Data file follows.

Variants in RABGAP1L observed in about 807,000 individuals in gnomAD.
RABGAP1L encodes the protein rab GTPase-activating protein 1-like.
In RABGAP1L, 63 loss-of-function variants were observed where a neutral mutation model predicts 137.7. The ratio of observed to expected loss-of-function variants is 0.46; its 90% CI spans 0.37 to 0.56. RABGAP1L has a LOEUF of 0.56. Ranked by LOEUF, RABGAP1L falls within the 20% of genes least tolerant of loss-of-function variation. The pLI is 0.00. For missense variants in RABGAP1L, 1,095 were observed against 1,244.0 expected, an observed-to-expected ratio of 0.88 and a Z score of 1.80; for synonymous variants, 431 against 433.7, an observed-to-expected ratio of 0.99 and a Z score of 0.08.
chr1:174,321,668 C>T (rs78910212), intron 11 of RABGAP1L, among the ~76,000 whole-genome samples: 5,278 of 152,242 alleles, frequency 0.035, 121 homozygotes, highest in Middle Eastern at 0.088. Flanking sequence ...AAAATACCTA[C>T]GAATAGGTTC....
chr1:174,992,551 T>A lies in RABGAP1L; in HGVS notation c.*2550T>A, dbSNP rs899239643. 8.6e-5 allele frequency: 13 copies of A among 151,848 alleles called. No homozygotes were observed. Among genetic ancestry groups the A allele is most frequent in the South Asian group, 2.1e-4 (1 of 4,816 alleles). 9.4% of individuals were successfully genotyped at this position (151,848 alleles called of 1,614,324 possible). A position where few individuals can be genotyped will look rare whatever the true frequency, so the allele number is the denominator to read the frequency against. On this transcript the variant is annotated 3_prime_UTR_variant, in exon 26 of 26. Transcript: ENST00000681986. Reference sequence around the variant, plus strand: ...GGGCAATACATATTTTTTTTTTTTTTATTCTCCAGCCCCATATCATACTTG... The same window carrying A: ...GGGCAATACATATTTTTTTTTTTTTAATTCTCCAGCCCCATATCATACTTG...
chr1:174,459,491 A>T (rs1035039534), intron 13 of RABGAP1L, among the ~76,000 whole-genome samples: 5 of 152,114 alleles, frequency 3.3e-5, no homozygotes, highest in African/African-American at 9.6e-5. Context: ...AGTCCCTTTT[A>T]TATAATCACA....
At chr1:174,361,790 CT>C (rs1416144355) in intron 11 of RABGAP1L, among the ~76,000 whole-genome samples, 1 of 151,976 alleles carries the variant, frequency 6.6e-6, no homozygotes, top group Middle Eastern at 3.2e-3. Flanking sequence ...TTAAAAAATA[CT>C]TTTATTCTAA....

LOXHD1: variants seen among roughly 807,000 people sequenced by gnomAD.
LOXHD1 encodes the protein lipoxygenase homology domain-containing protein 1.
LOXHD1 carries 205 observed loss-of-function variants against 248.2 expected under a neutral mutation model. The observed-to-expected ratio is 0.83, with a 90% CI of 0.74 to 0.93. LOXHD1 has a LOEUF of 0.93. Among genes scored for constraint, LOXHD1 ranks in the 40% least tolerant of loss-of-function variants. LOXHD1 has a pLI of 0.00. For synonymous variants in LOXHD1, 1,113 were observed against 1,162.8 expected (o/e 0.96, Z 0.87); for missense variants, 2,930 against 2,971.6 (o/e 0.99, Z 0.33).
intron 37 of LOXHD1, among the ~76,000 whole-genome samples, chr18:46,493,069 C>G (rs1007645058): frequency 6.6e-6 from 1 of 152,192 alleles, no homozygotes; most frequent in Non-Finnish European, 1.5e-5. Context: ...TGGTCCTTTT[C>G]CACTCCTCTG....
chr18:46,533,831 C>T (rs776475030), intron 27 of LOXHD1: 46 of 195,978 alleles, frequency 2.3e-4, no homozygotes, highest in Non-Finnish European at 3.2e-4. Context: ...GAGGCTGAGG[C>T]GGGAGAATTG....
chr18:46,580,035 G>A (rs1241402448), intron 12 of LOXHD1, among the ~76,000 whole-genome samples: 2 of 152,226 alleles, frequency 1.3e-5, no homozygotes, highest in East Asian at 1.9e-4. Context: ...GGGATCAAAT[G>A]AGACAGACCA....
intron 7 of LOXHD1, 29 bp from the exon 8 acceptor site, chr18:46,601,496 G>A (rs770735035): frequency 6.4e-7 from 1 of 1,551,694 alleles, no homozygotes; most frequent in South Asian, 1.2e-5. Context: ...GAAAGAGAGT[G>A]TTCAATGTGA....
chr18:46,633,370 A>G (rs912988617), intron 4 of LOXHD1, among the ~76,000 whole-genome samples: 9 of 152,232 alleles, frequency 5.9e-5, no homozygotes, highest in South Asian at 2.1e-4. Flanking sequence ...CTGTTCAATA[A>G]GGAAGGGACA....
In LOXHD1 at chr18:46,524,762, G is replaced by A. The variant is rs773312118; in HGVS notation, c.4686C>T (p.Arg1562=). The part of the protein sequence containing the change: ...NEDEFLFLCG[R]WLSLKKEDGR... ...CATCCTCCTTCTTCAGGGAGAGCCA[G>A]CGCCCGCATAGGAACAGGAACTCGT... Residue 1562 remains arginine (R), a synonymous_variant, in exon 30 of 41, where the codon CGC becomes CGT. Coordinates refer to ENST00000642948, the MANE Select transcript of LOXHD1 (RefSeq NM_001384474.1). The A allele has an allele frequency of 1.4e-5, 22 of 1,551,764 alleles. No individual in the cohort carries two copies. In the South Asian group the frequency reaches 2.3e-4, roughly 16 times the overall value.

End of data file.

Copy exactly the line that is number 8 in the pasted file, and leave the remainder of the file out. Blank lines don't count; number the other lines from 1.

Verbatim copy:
LOXHD1: variants seen among roughly 807,000 people sequenced by gnomAD.